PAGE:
• Be prepared to be challenged and defend your position.

Marketing and Finance

Marketing and Finance interviews are a bit different than developer or technology interviews.

Before the interview

  • Do your research. We are looking for people who want to work at Microsoft and are passionate about technology.
  • Read tech blogs such as Engadget, TechCrunch, and others so you’re up on the latest trends and events in technology and Microsoft’s latest news.
  • Connect with alumni at Microsoft to learn more about our culture and life at Microsoft. Be prepared to talk about a Microsoft product or your favorite technology product.
  • Practice your responses to interview questions:

    Describe a situation where you had to work with multiple teams in a collaborative way.

    Give an example in which you applied a creative solution to a tough problem.

    Recount an occasion in which you had to deal with a difficult person or team.

Frequently asked questions

What is the most common mistake you see applicants make?

For University Recruiter Anthony Rotoli, it’s the key details that people seem to forget most often: "It’s simple really, but leaving your graduation date, or other important information (phone number, email) off of your resume. Graduation date is very important for us to get a sense of about how far along you should be in school. Contact information is important for…well…us contacting you!"

Beyond the initial application process, Anthony notes that candidates can sometimes block their own path to success. His advice to avoid this? Be yourself: "Applicants will sometimes approach the interview process with what they think an interviewer wants to hear, and they’ll try to make sure they fit the mold they’ve imagined we’re looking for. Bad mistake! The best thing you can show us during interviews is the real you. I always encourage folks to approach each interview like a discussion with a current co-worker or teammate. Don’t try to demonstrate some skill you have only a rudimentary understanding of—talk about what you know, and let your passion shine through!"

Who will I be in contact with before I arrive?

You’ll meet with several different people throughout the interview process. They all work together to make the experience a great one for you, but each has a unique role to play.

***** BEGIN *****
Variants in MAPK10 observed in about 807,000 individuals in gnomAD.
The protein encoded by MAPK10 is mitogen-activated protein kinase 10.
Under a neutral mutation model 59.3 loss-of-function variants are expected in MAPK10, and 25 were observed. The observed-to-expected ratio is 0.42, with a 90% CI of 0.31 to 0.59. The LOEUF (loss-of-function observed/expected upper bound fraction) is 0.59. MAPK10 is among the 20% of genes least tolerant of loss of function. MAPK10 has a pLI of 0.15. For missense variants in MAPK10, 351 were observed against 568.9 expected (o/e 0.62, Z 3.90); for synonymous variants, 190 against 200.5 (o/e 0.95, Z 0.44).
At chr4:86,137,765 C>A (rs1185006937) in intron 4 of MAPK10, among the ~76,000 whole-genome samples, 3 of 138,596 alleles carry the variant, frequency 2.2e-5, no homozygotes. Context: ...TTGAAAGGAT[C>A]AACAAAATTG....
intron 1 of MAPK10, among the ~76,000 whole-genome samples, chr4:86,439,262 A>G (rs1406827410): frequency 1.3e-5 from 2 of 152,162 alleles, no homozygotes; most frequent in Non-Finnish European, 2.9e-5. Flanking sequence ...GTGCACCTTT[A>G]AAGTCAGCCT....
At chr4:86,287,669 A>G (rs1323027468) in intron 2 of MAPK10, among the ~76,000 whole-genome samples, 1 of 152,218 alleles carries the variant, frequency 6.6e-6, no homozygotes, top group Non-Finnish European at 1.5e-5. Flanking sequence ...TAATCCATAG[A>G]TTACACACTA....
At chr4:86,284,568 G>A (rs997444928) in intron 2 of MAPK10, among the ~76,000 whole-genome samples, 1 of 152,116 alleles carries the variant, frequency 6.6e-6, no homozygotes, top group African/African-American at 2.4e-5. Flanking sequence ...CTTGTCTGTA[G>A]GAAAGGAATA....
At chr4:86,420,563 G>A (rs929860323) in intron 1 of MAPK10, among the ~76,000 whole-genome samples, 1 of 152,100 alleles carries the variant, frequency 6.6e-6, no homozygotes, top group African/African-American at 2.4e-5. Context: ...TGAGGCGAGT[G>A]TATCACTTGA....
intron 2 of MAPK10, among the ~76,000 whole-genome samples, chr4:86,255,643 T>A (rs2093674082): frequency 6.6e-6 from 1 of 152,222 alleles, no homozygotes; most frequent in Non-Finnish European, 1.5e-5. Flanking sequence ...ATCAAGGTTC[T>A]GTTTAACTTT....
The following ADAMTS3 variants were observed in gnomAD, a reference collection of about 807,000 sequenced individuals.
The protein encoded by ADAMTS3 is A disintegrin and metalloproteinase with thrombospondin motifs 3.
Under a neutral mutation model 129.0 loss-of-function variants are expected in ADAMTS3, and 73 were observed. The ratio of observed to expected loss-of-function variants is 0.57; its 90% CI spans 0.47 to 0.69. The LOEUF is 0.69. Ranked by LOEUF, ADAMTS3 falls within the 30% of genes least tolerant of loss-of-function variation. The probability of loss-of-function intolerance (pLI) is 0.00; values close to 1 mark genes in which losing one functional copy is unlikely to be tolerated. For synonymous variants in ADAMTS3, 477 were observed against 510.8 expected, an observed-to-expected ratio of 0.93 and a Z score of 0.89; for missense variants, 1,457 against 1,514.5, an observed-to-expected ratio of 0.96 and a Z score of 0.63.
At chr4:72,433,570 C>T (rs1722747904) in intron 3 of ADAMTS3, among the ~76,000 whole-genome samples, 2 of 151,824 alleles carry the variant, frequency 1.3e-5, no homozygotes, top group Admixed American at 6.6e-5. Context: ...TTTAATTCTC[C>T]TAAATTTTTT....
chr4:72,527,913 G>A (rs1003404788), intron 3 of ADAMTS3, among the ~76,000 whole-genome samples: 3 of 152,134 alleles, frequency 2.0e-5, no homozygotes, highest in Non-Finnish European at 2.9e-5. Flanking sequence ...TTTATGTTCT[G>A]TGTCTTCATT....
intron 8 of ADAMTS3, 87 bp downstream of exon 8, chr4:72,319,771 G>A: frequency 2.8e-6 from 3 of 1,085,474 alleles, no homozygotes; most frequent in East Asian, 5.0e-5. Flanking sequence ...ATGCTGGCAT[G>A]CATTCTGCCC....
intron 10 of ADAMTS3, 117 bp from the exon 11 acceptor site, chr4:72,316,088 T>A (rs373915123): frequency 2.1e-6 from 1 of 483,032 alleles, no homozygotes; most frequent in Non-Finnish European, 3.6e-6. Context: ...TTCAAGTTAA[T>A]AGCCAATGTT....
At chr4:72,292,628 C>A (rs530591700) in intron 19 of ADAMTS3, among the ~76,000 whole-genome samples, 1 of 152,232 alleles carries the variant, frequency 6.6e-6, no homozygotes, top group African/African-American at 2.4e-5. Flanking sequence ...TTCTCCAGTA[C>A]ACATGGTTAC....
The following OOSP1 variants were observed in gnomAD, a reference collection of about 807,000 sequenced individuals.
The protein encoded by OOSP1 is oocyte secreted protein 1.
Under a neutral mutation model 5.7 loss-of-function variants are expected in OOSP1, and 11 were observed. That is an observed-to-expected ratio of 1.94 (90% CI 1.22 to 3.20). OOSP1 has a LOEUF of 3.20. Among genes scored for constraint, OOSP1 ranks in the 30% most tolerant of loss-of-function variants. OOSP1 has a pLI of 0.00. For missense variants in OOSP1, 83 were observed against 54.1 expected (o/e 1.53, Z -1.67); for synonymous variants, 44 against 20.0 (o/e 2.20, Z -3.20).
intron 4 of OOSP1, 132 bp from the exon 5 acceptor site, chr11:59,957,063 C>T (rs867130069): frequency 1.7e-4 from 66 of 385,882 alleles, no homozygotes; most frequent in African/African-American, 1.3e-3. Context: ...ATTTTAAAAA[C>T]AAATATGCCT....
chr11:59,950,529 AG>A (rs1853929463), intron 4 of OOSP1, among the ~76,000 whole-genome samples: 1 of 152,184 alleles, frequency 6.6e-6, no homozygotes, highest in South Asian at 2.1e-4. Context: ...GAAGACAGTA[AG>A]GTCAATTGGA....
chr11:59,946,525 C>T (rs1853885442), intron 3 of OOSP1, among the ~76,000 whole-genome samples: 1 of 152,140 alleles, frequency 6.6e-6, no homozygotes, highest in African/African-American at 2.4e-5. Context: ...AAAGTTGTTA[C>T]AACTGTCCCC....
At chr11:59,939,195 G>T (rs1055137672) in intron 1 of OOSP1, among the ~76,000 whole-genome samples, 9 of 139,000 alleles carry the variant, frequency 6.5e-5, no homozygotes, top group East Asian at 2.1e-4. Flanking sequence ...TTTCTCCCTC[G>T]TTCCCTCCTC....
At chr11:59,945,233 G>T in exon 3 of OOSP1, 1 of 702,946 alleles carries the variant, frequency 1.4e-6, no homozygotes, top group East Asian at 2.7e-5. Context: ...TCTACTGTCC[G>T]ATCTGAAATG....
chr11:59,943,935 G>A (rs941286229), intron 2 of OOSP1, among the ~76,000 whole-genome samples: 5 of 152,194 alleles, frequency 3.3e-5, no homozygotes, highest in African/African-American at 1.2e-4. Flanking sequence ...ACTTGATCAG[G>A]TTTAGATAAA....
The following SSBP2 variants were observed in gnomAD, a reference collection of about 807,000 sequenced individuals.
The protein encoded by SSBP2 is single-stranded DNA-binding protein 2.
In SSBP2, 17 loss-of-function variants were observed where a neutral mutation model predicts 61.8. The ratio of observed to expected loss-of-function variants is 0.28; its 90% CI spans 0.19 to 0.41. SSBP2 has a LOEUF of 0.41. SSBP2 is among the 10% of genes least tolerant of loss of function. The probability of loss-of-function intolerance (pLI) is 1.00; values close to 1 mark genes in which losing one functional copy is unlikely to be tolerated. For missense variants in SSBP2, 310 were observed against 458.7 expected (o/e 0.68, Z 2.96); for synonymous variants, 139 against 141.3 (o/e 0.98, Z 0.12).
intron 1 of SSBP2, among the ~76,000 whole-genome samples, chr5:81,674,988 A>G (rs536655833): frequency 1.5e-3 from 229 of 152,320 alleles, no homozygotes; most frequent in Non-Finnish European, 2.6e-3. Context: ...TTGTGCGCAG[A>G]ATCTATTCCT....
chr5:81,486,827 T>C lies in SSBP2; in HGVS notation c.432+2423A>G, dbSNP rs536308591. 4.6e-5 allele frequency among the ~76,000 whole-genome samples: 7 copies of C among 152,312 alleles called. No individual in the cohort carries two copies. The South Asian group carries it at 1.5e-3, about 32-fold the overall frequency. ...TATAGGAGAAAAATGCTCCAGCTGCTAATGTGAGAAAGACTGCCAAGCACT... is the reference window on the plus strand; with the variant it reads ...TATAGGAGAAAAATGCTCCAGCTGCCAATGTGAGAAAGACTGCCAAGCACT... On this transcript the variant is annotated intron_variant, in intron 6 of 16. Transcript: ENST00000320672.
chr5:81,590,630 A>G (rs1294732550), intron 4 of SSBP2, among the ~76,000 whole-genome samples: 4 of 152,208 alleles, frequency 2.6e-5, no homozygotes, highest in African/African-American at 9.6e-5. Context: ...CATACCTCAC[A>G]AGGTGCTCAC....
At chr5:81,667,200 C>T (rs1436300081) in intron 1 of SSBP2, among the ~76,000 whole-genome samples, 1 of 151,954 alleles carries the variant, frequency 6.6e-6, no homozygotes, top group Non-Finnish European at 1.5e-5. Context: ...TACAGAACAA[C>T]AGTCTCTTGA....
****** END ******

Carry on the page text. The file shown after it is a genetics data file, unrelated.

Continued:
• School recruiter: Your school recruiter represents Microsoft on your university campus. You might have seen him or her at a career fair, presenting information about Microsoft or interacting with various student groups. Sometimes, you’ll hear from your school recruiter prior to your visit, just to wish you well and make sure you’re all set for your trip. If you don’t hear from your school recruiter but have questions you’d like answered, just check out our Find a Recruiter page to connect directly.
  • Interview scheduler: Your interview scheduler, who works for our vendor, SourceRight, will contact you via e-mail about your travel arrangements, interview date, and expense reimbursements. He or she is your go-to person for questions about your interview logistics.
  • Campus recruiter: Your campus recruiter is based in Redmond, WA. He or she will work with you during the final round of your interview process. This includes making sure your interview day runs smoothly, following up with interview results, and working with you as you make a decision about Microsoft, if you receive an offer.

When will I know which groups I’m interviewing with?

Your campus recruiter will let you know which group(s) you’ll be interviewing with on your interview day. Don’t worry if you haven’t heard of the specific teams you’ll be meeting with. You won’t be evaluated on how much you know about the groups.

When should I plan my trip?

Positions fill quickly, so it’s good to make plans as early as possible. Your interview scheduler will email to confirm an interview date and send you instructions on how to book your travel arrangements. Please respond to them as soon as you can.

Will I have free time during my site visit?

The maximum length of your interview trip is three days and two nights. If you’d like more time, just email your interview scheduler and let him or her know your circumstances so we can look into extending your stay.

May I bring my significant other?

You’re more than welcome to bring a companion, but we can only reimburse travel expenses for you.

What if I need to change my interview date?

After your interview date is confirmed and your travel has been booked, we prefer not to change your schedule unless there is an emergency.

When will I know the results of my interview?

In most cases, you should hear back from your campus recruiter within one to two weeks of your interview. Please let us know if you have other offers with deadlines pending; we’re flexible and are always happy to work around your schedule.

If I receive an offer, how long will I have to make a decision?

Your campus recruiter will work with you to determine a reasonable timeframe, but typically you’ll be asked to make a decision within a week (internship candidates) or two (full-time candidates).